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Movie Review 2: Doctor Strange

"Have you seen that at a gift shop?"

It's virtually impossible for Marvel Studios to dazzle audiences anymore because they seem to have done it all by now. A scant eight years into their dominance of the comic book movie industry, the studio has churned out fourteen films and from my perspective, they're drowning in a sea of sameness. The two best films in their entire oeuvre, Guardians of the Galaxy and Captain America: The Winter Soldier, managed to be clever and unique tweaks on age old film formulas, warped to fit into the structure of a comic book movie. My greatest hope for Doctor Strange is that it would join those two films in delivering something truly new and different to the Marvel Cinematic Universe. It failed to do so, but not for lack of trying. 

There's a great movie aching to break out of Doctor Strange, but whether through the fault of studio mandates or a script that feels like it was worked on by at least a dozen writers, let alone the three men credited with writing the script. This sort of thing seems to be the best a Marvel movie can hope for anymore: Being just different enough to keep the audience engaged, but not taking any worthwhile risks or doing anything that really goes against the grain. This is a business, after all, and it runs like one. Lord does it ever. 

Benedict Cumberbatch, perhaps the most British man alive, plays New York born and bred Dr. Stephen Strange, an arrogant neurosurgeon who, very quickly into the film, finds himself in the most violent car accident this side of Michael Bay movie. I'm not entirely sure why they maintained the impulse to leave the character based in New York, particularly when Bandisnatch can't really get his accent to rise above Dr. Gregory House-lite, but I digress. His accident leaves his hands permanently damaged and while seeking a miracle cure in the (vaguely drawn) "east," he falls in with The Ancient One (Tilda Swinton), who offers to not only heal his hands, but open his mind to an entire multiverse that exists around him.

The rest of the film is a pretty straightforward origin story from there on out, with the hero learning to control his powers, then having to test them before he's ready, then meeting the villain, then concocting a plan to stop the villain. Thankfully the cast and the visuals are able to power through some major league script problems. The film is constantly torn between thinking it needs some truly terrible jokes in order to maintain its levity and rehashing the old "he's not ready" problem that every hero in every Marvel movie confronts.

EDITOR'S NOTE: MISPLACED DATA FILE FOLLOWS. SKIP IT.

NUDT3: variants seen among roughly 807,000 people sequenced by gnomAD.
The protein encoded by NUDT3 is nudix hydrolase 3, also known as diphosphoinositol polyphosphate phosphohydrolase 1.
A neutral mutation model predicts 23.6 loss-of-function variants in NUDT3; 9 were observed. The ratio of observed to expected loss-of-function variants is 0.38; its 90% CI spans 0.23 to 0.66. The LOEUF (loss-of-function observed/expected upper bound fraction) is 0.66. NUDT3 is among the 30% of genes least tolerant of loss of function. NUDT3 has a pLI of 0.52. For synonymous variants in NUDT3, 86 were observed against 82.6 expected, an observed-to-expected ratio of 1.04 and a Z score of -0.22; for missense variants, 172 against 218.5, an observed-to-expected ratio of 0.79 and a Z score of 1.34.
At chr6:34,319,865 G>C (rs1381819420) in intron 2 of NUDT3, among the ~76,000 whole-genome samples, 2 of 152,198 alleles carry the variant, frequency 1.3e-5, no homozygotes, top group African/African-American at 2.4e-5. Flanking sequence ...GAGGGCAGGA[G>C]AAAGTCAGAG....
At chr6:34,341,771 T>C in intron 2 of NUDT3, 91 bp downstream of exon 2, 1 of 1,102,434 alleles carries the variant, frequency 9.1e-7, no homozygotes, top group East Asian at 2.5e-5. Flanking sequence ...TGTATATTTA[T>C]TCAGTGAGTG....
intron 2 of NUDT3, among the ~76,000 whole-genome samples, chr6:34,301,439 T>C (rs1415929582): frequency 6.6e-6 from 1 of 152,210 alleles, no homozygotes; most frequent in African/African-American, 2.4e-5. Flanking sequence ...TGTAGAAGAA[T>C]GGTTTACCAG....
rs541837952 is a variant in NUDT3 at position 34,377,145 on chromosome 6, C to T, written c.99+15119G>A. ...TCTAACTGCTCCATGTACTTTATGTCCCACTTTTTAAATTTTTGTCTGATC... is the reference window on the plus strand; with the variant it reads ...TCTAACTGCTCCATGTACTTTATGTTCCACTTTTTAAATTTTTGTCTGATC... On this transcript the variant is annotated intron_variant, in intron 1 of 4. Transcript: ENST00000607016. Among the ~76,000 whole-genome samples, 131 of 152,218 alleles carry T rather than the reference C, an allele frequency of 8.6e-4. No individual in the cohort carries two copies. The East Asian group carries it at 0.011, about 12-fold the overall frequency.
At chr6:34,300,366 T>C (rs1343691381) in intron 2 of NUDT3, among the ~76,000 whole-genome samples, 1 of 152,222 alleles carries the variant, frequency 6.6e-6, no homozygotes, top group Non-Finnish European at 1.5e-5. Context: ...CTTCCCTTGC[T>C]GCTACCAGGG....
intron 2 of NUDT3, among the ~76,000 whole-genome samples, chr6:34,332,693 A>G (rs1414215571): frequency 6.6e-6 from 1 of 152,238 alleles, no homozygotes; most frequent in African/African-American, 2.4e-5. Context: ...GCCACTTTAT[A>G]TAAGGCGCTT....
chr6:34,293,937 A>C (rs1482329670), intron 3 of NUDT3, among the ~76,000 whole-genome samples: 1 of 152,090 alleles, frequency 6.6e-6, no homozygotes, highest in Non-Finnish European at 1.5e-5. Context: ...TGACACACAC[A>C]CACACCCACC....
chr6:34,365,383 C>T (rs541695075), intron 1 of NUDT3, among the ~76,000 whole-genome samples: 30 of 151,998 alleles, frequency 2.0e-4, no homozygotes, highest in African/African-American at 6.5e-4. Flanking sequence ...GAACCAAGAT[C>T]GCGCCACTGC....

About that humor, it's truly awful for the most part, which is a shame considering Dan Harmon did a pass on the script. If Doctor Strange suffers most from anything, it's an identity crisis. It has no idea what kind of film it wants to be, but thankfully the characters keep things moving in the right direction. The most fascinating character by a country mile is Chiwetel Ejiofor's Mordo, a fellow wizard who fights alongside Strange until he learns that Strange is willing to cross lines in the name of justice which Mordo himself is not able to cross. It's a fascinating dichotomy and sets Mordo up as a much better antagonist for Strange going forward. 

At the end of the day, Doctor Strange—like most Marvel movies—is entertaining to watch, but ultimately ends up being thoroughly indistinguishable from at least a dozen other similar films. There's got to be a reason to watch these films beyond just being a fan of the source material or the fact that you know at this point exactly what to expect from Marvel. I find that to be part of the problem here. Marvel is more concerned with maintaining their brand than they are with telling worthwhile stories. 

Furthermore, I understand the unique problem presented by a team of superheroes, namely that their origin stories all start to sound the same after a while. The fact that Stephen Strange's narrative isn't all that different from a dozen other arrogant rich guys who think the rules don't apply to them doesn't preclude you from having to tell that story in a new, different, or interesting way. Doctor Strange is partially successful in doing this, at least inasmuch as he doesn't fight a villainous version of himself in the third act, along with several other staples of the origin picture that this flick jettisoned.

Unfortunately Doctor Strange is ultimately weighed down by its lack of originality. For every thing it manages to do well, there are at least two cliches the film would have been better off without. It took Tony Stark two solo movies and most of the first Avengers movie to get the arc that Strange gets in just his first adventure, so that sort of storytelling alacrity earns the film a few brownie points, but the minute Strange begins monologuing to the villain about how he's learned to be selfless, one wishes they weren't retreading things that have already been done within this Cinematic Universe. 

There's a lot to like and admire about Doctor Strange, and I'm much more likely to revisit it than most Marvel movies thanks to its visual acumen and cool set pieces, but it's ultimately as deeply flawed as virtually every other Marvel movie. Pixar at least has the good sense to bury their formula behind some great stories... I hope the day is coming when Marvel learns how to do the same, because much like the main character of this film, the potential for greatness is unlimited. 


Directed by Scott Derrickson
Written by Jon Spaihts and Scott Derrickson & C. Robert Cargill, Based on the Marvel Comics by Steve Ditko
Produced by Kevin Feige
Starring Benedict Cumberbatch, Chiwetel Ejiofor, Rachel McAdams, Benedict Wong, Tilda Swinton, Mads Mikkelsen, Michael Stuhlbarg, Benjamin Bratt
Running Time: 115 minutes

Steve attanasie

Steve Attanasie

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